The Second Divine Wind

Meanwhile, the Khan consolidated his hold on China. He sent envoys to Japan again in 1275. The Shogunate had them executed. Four years later, as the Khan finished off the last of the Sung resistance, he sent still more representatives. These were summarily executed on the beach at Hakata Bay, before even meeting the Shogun.

Furious at the insult, Kublai Khan ordered two massive fleets assembled. The first consisted of 900 ships, manned by 40,000 Mongol and Korean warriors and 17,000 sailors. This was dubbed the Koryo Eastern Route Division. The second, the Chinese Chiang-Non Division, consisted of 3,500 ships and 100,000 Chinese soldiers. The world would never seen another sea borne invasion force this large again until World War II.

The Eastern Route Division struck out for Japan on May 3, 1281. They took Iki within a week. The original plan was for both divisions to meet at Iki and strike Hakata Bay as one. But Eastern Route commanders grew impatient, and by mid-June decided to attempt an assault on their own. However, the defensive wall did its work well, and the Japanese defenders shoved the Mongols back into the sea.

The bloodied invaders withdrew to Shika Island. Their pain did not end when they took to the sea. Japan’s re-purposed fishing and trade ships proved to be apt raiding vessels, and the samurai’s skill at close quarters combat proved deadly among the confines of a ship. So harassed, the Mongols were forced to withdraw back to Iki, with their Japanese pursuers not far behind.

Samurai boarding enemy ships.

Samurai boarding enemy ships.

When the Chinese Division finally arrived, they combined with the bloodied Eastern Route Division at Hirado. The combined force made for Imari Bay, 30 miles south of Hakata, hoping to bypass the formidable defenses at Hakata. The Japanese were waiting. The forces met on the beach, beginning a two-week long battle. While the land forces fought, the sailors chained their ships together to form a floating fortress. The Japanese coastal navy could do little against the massive armada. Meanwhile, both sides suffered mounting losses in the hard fighting ashore.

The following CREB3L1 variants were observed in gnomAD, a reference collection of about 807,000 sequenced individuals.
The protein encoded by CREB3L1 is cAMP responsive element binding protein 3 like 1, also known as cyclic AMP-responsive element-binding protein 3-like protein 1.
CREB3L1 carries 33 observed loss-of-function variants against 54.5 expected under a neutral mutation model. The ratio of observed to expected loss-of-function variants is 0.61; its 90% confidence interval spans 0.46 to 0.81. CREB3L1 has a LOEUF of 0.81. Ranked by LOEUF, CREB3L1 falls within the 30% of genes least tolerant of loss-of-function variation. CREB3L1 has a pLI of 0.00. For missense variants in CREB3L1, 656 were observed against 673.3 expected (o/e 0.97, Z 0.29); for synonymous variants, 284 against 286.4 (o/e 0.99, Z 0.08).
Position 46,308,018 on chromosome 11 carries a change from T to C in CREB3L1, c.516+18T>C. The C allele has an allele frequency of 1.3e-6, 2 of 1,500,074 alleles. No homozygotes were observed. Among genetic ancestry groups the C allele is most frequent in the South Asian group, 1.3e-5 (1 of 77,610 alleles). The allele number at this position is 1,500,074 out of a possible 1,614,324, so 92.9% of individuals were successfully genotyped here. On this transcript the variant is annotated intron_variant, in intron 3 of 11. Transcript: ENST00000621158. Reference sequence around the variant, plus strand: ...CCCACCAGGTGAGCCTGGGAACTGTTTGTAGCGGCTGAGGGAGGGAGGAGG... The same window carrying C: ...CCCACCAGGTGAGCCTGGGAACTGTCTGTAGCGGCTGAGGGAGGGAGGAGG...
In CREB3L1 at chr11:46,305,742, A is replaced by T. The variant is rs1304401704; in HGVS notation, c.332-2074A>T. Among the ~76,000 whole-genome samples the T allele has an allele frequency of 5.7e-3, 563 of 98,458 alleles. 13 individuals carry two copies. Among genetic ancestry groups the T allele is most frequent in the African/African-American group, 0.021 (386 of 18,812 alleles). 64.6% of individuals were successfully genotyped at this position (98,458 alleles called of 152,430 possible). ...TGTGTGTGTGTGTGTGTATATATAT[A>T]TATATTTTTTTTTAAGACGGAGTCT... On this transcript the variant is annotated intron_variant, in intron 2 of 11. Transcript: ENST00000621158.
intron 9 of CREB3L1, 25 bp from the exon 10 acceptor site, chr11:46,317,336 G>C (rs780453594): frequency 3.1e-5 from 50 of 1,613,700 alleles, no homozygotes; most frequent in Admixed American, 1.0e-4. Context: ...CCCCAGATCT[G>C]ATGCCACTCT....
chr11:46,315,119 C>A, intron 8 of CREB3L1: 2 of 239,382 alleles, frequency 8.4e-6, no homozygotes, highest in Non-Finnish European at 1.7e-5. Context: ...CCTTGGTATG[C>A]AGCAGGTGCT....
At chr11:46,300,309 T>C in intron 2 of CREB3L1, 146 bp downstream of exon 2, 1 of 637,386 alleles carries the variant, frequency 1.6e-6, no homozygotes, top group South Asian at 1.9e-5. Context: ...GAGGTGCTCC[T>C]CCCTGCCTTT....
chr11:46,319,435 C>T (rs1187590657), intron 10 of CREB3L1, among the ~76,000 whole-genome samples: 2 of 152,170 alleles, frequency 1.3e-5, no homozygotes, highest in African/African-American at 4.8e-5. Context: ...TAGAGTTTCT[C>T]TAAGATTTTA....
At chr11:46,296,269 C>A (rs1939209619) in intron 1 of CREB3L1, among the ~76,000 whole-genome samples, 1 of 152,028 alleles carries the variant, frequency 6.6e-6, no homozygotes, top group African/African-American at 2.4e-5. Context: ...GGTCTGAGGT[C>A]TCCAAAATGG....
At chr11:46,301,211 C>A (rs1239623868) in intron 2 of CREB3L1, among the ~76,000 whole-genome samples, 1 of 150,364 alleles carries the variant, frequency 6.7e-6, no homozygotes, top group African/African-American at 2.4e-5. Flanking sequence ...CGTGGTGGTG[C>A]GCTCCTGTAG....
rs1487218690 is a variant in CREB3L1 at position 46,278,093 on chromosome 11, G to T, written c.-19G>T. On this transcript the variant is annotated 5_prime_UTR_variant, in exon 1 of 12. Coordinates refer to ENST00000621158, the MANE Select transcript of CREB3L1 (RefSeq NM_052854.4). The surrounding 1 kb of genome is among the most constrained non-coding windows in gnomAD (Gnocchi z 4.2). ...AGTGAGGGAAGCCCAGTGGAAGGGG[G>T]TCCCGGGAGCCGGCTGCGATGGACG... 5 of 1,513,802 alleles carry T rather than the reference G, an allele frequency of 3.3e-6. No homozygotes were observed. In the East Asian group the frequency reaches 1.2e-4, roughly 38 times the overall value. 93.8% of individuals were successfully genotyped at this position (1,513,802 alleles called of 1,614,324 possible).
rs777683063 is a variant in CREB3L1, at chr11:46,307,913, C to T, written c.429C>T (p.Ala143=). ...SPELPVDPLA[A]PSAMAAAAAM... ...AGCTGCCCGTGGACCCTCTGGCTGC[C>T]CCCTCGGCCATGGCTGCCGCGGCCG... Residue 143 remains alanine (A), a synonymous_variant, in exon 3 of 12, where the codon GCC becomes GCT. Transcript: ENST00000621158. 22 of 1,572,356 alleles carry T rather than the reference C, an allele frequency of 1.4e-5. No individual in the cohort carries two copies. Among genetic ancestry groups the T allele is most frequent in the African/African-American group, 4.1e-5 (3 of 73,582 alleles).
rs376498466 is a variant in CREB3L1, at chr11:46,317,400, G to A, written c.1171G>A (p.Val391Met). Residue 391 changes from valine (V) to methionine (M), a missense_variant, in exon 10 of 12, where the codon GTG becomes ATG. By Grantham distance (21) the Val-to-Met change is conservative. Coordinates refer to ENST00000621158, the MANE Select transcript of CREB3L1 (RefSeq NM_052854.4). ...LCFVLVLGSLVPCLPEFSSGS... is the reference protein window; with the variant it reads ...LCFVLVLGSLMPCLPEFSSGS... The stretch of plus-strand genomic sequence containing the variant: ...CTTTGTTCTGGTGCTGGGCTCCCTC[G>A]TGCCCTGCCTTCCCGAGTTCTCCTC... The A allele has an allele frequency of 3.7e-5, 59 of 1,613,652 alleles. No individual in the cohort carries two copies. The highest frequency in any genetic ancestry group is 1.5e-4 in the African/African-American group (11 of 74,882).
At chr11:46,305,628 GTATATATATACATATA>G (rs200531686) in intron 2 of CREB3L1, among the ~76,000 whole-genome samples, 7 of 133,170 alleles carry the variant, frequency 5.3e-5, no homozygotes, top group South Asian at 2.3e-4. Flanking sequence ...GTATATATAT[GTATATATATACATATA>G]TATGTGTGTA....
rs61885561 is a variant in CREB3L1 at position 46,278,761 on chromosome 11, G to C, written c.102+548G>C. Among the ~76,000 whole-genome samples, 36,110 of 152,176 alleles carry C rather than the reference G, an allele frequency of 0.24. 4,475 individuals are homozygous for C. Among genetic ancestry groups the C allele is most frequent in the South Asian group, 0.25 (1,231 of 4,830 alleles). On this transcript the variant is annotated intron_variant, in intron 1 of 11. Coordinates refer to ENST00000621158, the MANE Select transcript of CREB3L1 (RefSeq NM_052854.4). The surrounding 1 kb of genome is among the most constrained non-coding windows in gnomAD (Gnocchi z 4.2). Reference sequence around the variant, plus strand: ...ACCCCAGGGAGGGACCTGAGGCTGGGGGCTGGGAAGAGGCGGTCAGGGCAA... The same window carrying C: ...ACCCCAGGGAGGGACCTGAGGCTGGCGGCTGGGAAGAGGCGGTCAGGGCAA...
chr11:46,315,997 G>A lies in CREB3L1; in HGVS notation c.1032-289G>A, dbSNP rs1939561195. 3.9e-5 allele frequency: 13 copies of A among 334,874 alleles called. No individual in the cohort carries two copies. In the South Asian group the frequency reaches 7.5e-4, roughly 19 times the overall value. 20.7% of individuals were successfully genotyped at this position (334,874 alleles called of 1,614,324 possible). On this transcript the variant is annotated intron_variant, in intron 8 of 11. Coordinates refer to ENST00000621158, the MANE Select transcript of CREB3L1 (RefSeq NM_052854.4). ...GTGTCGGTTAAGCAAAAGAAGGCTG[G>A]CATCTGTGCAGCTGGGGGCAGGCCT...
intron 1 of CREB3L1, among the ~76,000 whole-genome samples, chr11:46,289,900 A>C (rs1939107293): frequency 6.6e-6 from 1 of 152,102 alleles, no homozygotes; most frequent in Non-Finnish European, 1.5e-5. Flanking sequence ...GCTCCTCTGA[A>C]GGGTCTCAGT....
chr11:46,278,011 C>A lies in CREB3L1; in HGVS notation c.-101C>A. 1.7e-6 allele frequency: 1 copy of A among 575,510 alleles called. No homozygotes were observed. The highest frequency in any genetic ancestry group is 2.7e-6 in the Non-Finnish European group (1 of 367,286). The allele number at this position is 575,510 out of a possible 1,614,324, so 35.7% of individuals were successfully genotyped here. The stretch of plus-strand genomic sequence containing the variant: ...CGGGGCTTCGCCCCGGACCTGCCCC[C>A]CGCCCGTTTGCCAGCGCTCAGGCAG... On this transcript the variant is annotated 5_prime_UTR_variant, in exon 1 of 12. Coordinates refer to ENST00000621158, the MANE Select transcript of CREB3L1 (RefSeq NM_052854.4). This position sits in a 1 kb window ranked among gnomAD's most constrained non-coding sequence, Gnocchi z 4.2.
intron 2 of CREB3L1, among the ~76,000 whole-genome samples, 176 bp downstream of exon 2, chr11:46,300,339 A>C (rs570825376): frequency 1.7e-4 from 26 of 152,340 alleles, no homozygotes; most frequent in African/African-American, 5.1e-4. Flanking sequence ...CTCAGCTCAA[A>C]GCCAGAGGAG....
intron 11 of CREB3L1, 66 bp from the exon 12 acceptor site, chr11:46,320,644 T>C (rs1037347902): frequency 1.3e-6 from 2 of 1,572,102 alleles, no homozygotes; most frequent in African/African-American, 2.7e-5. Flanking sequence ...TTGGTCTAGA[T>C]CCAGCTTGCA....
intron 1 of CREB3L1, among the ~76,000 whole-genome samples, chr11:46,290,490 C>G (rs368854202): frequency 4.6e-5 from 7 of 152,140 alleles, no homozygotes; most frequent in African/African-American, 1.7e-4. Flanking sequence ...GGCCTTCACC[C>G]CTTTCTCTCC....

At this point, legend and history meet. The Mongols were preparing to launch their final offensive against the vastly outnumbered Japanese. The situation looked impossible. Emperor Kameyama, descendent of the goddess Amaterasu according to legend, pleaded with his divine ancestors to save his people from destruction.

On July 30, they answered. A typhoon struck the gathered Mongol ships with hellish fury. The invading armada, moored together as it was to defend against attack, was unable to maneuver in the gale force winds and massive waves. Ships slammed into each other as they tried to escape the narrow bay, sinking into the restless waters with their crews trapped aboard. Only the lightest, most maneuverable craft were able to escape the natural massacre. Japanese legend claims that some 4,000 ships sank that day, drowning approximately 100,000 men. Those who survived and washed ashore were executed. The bay entrance, it was said, was so clogged with debris that “a person could walk across from one point of land to another on a mass of wreckage.”

Even if the extent of the devastation was exaggerated by the Japanese, it was enough to drive back the invaders for good. The defeat was so stunning that Kublai Khan could not muster support for a third invasion.

 

The Third Divine Wind

The second kamikaze, and the first to be called a “divine wind,” marked a change in how the Japanese saw themselves. The storm could only have been the act of a divine hand reaching from the heavens to influence the affairs of man. The Japanese began to see their islands, and thus themselves, as favored by the gods. This belief in Japanese exceptionalism would later fuel Japanese isolationism and, in the 20th century, the extreme nationalism the characterized Japan during World War II.

Zeroes, being prepared for suicide attacks.

Zeroes, being prepared for suicide attacks.